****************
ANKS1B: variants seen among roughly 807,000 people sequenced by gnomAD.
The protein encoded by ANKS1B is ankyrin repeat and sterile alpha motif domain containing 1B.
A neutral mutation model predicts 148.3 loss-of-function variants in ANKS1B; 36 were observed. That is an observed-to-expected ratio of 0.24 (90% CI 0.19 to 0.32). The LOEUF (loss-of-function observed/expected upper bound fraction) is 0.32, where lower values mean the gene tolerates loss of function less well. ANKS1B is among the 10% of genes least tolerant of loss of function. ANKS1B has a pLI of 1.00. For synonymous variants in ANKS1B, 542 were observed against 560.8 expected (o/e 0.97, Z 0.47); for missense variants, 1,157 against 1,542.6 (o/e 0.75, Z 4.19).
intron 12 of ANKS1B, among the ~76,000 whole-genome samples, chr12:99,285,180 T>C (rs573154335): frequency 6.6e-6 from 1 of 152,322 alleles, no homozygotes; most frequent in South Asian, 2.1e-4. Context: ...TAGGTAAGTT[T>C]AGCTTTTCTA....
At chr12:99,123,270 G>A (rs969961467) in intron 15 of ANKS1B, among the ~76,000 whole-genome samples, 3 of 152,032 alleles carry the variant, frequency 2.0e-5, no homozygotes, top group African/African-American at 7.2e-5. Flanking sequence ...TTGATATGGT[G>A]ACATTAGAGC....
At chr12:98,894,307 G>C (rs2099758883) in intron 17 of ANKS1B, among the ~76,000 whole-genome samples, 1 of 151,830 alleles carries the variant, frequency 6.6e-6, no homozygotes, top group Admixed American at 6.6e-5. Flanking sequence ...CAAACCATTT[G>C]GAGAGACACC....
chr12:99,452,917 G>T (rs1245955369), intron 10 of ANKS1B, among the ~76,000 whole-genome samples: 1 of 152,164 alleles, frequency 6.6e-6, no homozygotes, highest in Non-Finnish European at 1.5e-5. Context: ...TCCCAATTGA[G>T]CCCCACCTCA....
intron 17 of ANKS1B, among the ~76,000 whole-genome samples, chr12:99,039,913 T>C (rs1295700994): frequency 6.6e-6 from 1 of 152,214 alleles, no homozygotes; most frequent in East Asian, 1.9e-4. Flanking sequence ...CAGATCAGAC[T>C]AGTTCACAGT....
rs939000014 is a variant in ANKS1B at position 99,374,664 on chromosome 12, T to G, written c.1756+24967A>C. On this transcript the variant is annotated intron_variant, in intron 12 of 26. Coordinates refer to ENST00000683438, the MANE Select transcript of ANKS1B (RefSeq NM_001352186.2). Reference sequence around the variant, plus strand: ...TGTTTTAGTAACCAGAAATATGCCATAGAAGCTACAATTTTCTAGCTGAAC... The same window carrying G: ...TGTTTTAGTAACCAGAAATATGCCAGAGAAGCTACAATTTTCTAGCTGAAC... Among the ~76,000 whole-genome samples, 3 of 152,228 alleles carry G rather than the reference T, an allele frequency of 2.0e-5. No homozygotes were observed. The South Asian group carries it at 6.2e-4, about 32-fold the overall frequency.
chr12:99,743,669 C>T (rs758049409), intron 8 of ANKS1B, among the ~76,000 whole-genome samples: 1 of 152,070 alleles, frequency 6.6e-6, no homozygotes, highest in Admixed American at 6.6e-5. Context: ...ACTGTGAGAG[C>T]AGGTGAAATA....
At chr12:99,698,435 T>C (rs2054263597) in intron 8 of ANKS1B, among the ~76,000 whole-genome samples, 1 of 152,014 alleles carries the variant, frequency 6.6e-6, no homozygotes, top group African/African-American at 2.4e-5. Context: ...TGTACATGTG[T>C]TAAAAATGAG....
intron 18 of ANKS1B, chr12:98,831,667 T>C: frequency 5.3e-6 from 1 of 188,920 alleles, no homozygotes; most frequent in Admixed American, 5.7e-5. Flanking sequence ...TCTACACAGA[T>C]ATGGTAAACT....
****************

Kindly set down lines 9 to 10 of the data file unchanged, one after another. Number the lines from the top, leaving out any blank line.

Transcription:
rs939000014 is a variant in ANKS1B at position 99,374,664 on chromosome 12, T to G, written c.1756+24967A>C. On this transcript the variant is annotated intron_variant, in intron 12 of 26. Coordinates refer to ENST00000683438, the MANE Select transcript of ANKS1B (RefSeq NM_001352186.2). Reference sequence around the variant, plus strand: ...TGTTTTAGTAACCAGAAATATGCCATAGAAGCTACAATTTTCTAGCTGAAC... The same window carrying G: ...TGTTTTAGTAACCAGAAATATGCCAGAGAAGCTACAATTTTCTAGCTGAAC... Among the ~76,000 whole-genome samples, 3 of 152,228 alleles carry G rather than the reference T, an allele frequency of 2.0e-5. No homozygotes were observed. The South Asian group carries it at 6.2e-4, about 32-fold the overall frequency.
chr12:99,743,669 C>T (rs758049409), intron 8 of ANKS1B, among the ~76,000 whole-genome samples: 1 of 152,070 alleles, frequency 6.6e-6, no homozygotes, highest in Admixed American at 6.6e-5. Context: ...ACTGTGAGAG[C>T]AGGTGAAATA....